The man reeked of stale whisky and barn rot. The thought of his filthy hands on Calley was revolting. "I doubt she'd be the least bit interested."

"She's a flamin' whore! They got no interest but one. That's so's they don't have ta think about it."

O'Reilly leaned forward. "I got news fer ya, Mosby. Just 'cause ya own the fuckin' whorehouse don't mean yer any bigger er better than the next stoat with an itch in 'is drawers."

"And yet the mystery remains as to why 'Pride' should be included on the list of deadly sins and 'Stupidity' omitted."

"Shit. Ya think struttin' around like a fuckin' rooster, spoutin' all them fancy words makes ya smarter'n anyone else?"

"Indubitably and incontrovertibly."

"Ta hell with ya!" He spat on the floor. "Soon as I'm through with me business here, I'm goin' back fer some a that tail – not that one twat's any different from the next."

Anger burned in his face. "Not to some, I'm sure, but in regard to such a venture, mightn't your need for entertainment be just as satisfied with a bottle or two of the saloon's best redeye – less expensive and not as tiring?"

"Ahhh, reckoned ya'd keep 'er all ta yerself, did ya now?" O'Reilly grinned as he hooked his thumb on his gun belt. "Well, it so happens I got me own plans fer that one." He hiked up his trousers with one hand.

"An' I aim ta show 'er a few things ya never even thought of."

"Do you?" He felt the heat rising, sweat trickling down his neck. "That's a shame since you won't be around to see any of your plans to fruition."

"Ta what?"

O'Reilly's interest in the discussion was nearing an end. "I said that if you kill me, the only plans you'll be a part of are those your Maker has in store – that is, assuming the Lord takes pity on such inconceivably witless individuals as yourself. Even Divine tolerance has its limits."

"That bein' the case, ya got anything grand ta say before you meet yer Maker?"

"Perhaps my concurrence that Darwin was right. Apart from that, nothing you'd find decipherable."

"What the hell's that supposed ta mean?"

"It means that if you and your slack-jawed cohorts had crawled out of your cave at some point and left your Stone Age mentality behind, you might not have to see your worthless lives concluded at the end of a rope."

"Now that's mighty bold a ya, Mosby, seein' as yers is about to be concluded at the end of a gun."

As he searched the shadows, his eye caught a glint of metal. On the table where he'd laid it down was his Remington. If he could only distract the man … just for a second….

"Go on, give it a try, why don't ya?" O'Reilly sneered. "That's a fine weapon ya got there, but if ya was ta reach fer it, I'd have no choice but ta shoot ya, in self defense, don't ya see?"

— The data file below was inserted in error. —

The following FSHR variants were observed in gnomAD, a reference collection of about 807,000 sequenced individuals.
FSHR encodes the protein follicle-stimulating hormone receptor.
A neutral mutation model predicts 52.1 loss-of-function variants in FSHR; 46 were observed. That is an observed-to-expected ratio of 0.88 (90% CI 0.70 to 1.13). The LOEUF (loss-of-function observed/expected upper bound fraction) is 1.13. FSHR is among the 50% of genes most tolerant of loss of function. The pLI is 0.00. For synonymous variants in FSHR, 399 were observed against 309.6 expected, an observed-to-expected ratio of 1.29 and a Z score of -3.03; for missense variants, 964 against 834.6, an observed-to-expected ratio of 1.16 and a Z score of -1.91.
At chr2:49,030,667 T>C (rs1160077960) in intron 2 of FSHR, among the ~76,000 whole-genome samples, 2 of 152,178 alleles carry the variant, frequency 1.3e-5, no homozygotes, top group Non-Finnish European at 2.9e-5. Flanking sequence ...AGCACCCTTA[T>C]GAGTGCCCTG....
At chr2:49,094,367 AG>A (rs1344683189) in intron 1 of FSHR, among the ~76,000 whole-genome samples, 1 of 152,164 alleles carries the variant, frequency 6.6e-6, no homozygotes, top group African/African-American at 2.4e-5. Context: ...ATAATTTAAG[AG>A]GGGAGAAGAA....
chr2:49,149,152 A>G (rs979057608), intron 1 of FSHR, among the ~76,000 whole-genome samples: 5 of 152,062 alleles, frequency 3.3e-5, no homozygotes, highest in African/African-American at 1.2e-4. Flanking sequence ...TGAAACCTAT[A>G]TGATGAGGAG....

Scattered thoughts converged. His Remington was out of reach, but the whisky bottle wasn't. "In that case, seeing that my demise is imminent, you wouldn't begrudge me one last drink, would you?" O'Reilly eyed the bottle of Scotch that stood, invitingly full, on the table beside the gun belt. "In fact, you may as well join me, since it's likely to be your last drink as well." O'Reilly wiped his mouth on his sleeve. Apparently, in his eagerness to shoot another man down in cold blood, he'd worked up a thirst. His sneer widened into a toothy, lopsided grin.

"Well now, seein' as how yer offerin, I don't mind if I do." He moved closer, holding the .45 straight out in front of him. "Go on then. Pour yerself a tall one, and hand over that bottle, slow an' easy now, ya hear?'

He reached for the bottle, opened it with deliberate calm, and slowly filled the glass to the rim. "As I've always said, there's nothing as satisfying to quench a man's thirst as a fine imported Scotch – ideally one from the Speyside region, aged in charred oak for at least twelve years. Personally, I prefer a single malt," he drawled, holding up the bottle, "like this one." As O'Reilly's eyes flicked to the whisky, he gripped the neck of the bottle and swung it full force at the leveled pistol. He heard the glass shatter in a burst of amber spray, felt the bullet sting the side of his head in an explosion of blinding white light, saw the floor upending under him as he tumbled into the darkness … and the cold, empty silence.

* * *

"You all right…." The voice sounded far away. Then closer. "Mr. Mosby …you all right?" The ceiling came into focus. Faces. He felt the day bed under him as he lay on his back with one leg hanging over the edge. "That was close," Zeke was saying. "… had us worried…."